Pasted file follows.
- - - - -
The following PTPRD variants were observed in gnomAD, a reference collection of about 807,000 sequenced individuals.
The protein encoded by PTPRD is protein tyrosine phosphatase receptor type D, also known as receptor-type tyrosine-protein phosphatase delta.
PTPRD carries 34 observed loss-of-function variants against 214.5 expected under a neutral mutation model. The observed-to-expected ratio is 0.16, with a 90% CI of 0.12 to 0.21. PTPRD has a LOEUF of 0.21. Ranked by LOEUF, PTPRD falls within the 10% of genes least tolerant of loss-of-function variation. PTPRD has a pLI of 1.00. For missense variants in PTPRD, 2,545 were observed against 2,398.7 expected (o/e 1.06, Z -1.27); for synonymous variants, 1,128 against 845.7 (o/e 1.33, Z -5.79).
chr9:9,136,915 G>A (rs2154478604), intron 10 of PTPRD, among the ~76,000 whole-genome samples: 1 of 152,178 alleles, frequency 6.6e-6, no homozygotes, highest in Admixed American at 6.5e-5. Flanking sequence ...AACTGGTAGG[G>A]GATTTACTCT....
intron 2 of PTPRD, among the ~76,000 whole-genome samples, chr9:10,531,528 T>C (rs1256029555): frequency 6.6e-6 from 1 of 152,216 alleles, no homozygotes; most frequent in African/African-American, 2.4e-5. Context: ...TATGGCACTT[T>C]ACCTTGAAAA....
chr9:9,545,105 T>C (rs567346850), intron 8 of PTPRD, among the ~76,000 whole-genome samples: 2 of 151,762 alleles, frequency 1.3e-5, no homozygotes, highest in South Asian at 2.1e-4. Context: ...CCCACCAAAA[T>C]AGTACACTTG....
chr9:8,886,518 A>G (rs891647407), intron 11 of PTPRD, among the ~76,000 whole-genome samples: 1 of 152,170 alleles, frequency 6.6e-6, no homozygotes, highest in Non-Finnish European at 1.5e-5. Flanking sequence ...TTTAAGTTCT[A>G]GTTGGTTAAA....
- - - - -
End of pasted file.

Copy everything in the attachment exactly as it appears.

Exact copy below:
The following PTPRD variants were observed in gnomAD, a reference collection of about 807,000 sequenced individuals.
The protein encoded by PTPRD is protein tyrosine phosphatase receptor type D, also known as receptor-type tyrosine-protein phosphatase delta.
PTPRD carries 34 observed loss-of-function variants against 214.5 expected under a neutral mutation model. The observed-to-expected ratio is 0.16, with a 90% CI of 0.12 to 0.21. PTPRD has a LOEUF of 0.21. Ranked by LOEUF, PTPRD falls within the 10% of genes least tolerant of loss-of-function variation. PTPRD has a pLI of 1.00. For missense variants in PTPRD, 2,545 were observed against 2,398.7 expected (o/e 1.06, Z -1.27); for synonymous variants, 1,128 against 845.7 (o/e 1.33, Z -5.79).
chr9:9,136,915 G>A (rs2154478604), intron 10 of PTPRD, among the ~76,000 whole-genome samples: 1 of 152,178 alleles, frequency 6.6e-6, no homozygotes, highest in Admixed American at 6.5e-5. Flanking sequence ...AACTGGTAGG[G>A]GATTTACTCT....
intron 2 of PTPRD, among the ~76,000 whole-genome samples, chr9:10,531,528 T>C (rs1256029555): frequency 6.6e-6 from 1 of 152,216 alleles, no homozygotes; most frequent in African/African-American, 2.4e-5. Context: ...TATGGCACTT[T>C]ACCTTGAAAA....
chr9:9,545,105 T>C (rs567346850), intron 8 of PTPRD, among the ~76,000 whole-genome samples: 2 of 151,762 alleles, frequency 1.3e-5, no homozygotes, highest in South Asian at 2.1e-4. Context: ...CCCACCAAAA[T>C]AGTACACTTG....
chr9:8,886,518 A>G (rs891647407), intron 11 of PTPRD, among the ~76,000 whole-genome samples: 1 of 152,170 alleles, frequency 6.6e-6, no homozygotes, highest in Non-Finnish European at 1.5e-5. Flanking sequence ...TTTAAGTTCT[A>G]GTTGGTTAAA....